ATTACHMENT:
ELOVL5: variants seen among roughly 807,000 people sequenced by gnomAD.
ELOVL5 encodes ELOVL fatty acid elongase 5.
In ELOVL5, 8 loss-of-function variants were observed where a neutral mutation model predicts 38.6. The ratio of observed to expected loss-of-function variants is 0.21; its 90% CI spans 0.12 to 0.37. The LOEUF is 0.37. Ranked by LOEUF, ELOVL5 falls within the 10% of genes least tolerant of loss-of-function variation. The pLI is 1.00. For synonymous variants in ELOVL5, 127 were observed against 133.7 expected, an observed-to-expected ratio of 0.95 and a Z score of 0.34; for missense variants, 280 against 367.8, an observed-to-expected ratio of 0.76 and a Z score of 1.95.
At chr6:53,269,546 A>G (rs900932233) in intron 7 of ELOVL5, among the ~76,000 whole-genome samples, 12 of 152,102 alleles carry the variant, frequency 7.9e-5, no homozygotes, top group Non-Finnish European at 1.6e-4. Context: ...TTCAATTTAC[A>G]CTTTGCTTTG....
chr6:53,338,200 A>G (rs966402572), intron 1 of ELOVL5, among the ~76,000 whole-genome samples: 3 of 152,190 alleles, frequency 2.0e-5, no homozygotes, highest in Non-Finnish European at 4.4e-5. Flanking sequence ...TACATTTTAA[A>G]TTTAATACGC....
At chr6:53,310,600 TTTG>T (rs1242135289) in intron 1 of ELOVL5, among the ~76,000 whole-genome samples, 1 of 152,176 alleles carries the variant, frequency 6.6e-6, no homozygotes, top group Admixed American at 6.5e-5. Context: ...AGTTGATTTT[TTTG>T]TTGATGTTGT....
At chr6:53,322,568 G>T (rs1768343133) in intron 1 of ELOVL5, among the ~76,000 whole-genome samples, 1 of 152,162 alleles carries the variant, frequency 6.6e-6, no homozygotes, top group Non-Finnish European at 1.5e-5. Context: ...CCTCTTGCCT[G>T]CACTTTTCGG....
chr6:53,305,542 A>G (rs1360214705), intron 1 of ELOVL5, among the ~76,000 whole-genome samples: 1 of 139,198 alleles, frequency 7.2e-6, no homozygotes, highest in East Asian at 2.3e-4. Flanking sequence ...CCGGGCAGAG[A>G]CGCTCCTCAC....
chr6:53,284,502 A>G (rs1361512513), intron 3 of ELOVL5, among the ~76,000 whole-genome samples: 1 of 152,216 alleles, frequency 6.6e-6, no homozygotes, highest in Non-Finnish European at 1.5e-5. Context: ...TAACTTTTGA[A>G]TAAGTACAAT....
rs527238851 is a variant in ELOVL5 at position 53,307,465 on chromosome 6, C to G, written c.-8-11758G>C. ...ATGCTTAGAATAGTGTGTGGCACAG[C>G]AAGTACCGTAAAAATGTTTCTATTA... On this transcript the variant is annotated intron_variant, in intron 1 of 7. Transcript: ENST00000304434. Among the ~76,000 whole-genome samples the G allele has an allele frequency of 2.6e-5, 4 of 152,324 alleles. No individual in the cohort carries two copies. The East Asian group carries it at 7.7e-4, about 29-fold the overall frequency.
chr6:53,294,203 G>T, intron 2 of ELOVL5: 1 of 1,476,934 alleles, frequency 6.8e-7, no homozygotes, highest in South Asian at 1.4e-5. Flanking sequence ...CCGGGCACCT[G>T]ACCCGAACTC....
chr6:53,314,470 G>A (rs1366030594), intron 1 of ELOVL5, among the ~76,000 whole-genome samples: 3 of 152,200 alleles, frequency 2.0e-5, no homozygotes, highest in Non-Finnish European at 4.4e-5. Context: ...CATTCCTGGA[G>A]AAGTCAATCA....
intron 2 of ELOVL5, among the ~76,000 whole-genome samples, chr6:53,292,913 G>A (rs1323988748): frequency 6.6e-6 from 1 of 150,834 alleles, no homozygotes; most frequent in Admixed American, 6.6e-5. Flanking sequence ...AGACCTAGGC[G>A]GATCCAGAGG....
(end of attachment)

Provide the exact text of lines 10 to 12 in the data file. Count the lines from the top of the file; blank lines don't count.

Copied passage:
rs527238851 is a variant in ELOVL5 at position 53,307,465 on chromosome 6, C to G, written c.-8-11758G>C. ...ATGCTTAGAATAGTGTGTGGCACAG[C>G]AAGTACCGTAAAAATGTTTCTATTA... On this transcript the variant is annotated intron_variant, in intron 1 of 7. Transcript: ENST00000304434. Among the ~76,000 whole-genome samples the G allele has an allele frequency of 2.6e-5, 4 of 152,324 alleles. No individual in the cohort carries two copies. The East Asian group carries it at 7.7e-4, about 29-fold the overall frequency.
chr6:53,294,203 G>T, intron 2 of ELOVL5: 1 of 1,476,934 alleles, frequency 6.8e-7, no homozygotes, highest in South Asian at 1.4e-5. Flanking sequence ...CCGGGCACCT[G>T]ACCCGAACTC....
chr6:53,314,470 G>A (rs1366030594), intron 1 of ELOVL5, among the ~76,000 whole-genome samples: 3 of 152,200 alleles, frequency 2.0e-5, no homozygotes, highest in Non-Finnish European at 4.4e-5. Context: ...CATTCCTGGA[G>A]AAGTCAATCA....